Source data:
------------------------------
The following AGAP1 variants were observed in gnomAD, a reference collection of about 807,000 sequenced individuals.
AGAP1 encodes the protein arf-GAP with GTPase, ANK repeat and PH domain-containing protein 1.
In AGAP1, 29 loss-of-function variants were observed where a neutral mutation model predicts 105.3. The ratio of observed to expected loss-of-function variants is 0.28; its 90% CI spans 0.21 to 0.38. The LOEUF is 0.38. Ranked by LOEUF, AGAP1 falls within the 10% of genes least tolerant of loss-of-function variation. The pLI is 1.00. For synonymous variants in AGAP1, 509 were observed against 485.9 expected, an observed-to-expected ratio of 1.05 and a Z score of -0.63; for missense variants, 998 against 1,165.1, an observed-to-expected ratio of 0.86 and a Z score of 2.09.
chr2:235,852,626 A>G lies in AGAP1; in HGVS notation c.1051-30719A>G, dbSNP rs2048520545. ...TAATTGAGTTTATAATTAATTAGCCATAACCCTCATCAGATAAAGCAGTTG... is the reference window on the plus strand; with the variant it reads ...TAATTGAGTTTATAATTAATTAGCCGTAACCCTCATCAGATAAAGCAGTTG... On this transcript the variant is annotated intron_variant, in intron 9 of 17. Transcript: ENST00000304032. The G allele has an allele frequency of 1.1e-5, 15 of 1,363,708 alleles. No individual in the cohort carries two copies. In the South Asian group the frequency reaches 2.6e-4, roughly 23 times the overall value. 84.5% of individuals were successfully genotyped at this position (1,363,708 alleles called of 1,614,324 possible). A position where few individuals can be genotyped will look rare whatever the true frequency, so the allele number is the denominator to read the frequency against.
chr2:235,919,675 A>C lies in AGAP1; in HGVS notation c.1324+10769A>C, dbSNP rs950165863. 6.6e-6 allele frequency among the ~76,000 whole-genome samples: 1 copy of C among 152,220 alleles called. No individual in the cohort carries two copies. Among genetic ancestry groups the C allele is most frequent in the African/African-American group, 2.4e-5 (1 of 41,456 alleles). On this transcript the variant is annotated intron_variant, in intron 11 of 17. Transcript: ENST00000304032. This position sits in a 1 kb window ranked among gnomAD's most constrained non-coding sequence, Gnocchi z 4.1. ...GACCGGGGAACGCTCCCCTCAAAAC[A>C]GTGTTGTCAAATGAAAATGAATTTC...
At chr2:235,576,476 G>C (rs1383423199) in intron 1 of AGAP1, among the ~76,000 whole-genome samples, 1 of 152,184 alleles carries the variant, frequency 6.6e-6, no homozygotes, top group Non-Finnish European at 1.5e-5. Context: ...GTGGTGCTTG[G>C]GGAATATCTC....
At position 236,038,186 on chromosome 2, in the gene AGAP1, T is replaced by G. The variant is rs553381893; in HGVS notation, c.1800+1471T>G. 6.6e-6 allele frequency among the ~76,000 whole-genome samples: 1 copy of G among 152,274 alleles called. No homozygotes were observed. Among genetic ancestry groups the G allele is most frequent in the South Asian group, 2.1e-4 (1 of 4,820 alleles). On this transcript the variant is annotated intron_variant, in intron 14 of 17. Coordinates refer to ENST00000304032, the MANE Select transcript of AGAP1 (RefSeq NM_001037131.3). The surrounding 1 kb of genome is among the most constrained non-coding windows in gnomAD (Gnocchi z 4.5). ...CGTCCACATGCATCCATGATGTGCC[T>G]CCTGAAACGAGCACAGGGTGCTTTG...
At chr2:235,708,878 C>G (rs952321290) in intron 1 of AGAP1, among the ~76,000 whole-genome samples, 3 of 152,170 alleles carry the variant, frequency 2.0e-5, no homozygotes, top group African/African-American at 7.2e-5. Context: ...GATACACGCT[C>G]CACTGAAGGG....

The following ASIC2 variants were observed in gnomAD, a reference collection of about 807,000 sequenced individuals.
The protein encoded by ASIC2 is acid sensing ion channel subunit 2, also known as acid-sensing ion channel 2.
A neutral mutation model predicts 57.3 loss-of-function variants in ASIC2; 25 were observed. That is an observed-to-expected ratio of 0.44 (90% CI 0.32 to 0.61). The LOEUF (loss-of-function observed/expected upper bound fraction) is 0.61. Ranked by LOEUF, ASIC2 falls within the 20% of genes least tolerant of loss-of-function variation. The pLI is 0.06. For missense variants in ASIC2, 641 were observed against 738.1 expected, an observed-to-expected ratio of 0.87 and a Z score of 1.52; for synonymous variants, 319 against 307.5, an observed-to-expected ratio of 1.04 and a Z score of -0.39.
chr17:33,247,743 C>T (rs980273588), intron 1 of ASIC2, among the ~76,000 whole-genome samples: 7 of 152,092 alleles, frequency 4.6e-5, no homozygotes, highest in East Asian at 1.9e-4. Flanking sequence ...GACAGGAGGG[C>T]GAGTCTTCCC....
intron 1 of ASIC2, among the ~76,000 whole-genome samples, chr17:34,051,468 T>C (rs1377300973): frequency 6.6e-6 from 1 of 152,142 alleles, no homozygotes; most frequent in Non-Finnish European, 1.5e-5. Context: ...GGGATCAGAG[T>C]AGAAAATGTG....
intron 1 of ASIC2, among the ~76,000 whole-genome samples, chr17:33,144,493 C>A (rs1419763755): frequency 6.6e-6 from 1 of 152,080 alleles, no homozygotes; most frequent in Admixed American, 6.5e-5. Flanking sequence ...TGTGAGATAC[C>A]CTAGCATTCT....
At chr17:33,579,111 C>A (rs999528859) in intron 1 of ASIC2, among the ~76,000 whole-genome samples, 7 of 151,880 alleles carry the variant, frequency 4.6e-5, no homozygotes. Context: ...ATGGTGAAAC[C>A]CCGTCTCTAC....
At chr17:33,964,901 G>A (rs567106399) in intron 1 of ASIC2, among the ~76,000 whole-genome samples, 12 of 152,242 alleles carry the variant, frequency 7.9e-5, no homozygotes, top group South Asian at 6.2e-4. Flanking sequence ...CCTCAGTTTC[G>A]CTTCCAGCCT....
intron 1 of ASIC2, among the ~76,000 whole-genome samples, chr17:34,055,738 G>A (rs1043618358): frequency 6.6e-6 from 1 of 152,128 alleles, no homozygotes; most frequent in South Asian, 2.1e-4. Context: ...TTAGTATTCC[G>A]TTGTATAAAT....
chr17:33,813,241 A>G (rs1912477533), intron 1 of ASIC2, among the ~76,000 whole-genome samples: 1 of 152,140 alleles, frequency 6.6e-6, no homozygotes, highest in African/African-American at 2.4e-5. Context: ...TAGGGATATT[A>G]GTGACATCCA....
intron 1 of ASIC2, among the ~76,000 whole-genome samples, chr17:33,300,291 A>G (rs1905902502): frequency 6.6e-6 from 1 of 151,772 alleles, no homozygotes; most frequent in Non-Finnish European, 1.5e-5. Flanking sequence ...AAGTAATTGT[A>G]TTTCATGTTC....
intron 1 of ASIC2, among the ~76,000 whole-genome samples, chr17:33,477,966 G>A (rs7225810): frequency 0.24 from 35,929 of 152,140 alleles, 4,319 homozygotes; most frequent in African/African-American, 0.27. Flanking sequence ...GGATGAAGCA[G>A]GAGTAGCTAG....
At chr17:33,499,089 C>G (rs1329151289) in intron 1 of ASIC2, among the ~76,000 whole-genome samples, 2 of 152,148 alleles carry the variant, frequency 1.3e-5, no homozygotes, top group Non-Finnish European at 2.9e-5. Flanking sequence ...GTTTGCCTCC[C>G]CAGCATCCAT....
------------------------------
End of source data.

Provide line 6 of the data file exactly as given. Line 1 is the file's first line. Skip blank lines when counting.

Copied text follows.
At chr2:235,576,476 G>C (rs1383423199) in intron 1 of AGAP1, among the ~76,000 whole-genome samples, 1 of 152,184 alleles carries the variant, frequency 6.6e-6, no homozygotes, top group Non-Finnish European at 1.5e-5. Context: ...GTGGTGCTTG[G>C]GGAATATCTC....